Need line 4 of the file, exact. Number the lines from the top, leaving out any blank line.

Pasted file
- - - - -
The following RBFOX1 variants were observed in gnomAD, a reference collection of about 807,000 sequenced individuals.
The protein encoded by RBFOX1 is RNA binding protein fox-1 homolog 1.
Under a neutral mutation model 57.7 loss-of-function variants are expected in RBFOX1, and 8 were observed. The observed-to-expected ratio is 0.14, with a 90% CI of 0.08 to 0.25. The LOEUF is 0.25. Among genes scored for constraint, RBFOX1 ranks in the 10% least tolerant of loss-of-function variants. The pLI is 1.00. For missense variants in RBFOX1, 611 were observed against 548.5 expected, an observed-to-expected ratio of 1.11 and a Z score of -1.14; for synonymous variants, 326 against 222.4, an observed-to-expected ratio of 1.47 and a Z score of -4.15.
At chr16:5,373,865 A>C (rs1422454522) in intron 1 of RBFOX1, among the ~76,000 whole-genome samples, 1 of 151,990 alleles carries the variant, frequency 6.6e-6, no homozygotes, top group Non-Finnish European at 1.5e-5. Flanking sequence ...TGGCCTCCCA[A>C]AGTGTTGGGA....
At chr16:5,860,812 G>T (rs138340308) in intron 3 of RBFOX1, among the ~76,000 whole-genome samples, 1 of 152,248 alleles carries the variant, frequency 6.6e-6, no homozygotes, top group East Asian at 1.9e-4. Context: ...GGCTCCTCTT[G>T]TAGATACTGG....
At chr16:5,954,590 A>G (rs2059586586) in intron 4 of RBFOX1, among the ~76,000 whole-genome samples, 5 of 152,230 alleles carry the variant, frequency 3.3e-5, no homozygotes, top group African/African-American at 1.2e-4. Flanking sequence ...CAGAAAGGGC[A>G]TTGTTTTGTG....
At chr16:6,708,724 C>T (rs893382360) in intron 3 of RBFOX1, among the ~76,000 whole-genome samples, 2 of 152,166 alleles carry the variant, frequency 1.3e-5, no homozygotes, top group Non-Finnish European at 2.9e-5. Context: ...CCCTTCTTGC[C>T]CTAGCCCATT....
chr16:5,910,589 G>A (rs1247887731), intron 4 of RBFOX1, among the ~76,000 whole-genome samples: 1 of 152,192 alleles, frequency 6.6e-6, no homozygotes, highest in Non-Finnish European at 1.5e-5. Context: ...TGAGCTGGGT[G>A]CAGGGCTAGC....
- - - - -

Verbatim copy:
At chr16:5,373,865 A>C (rs1422454522) in intron 1 of RBFOX1, among the ~76,000 whole-genome samples, 1 of 151,990 alleles carries the variant, frequency 6.6e-6, no homozygotes, top group Non-Finnish European at 1.5e-5. Flanking sequence ...TGGCCTCCCA[A>C]AGTGTTGGGA....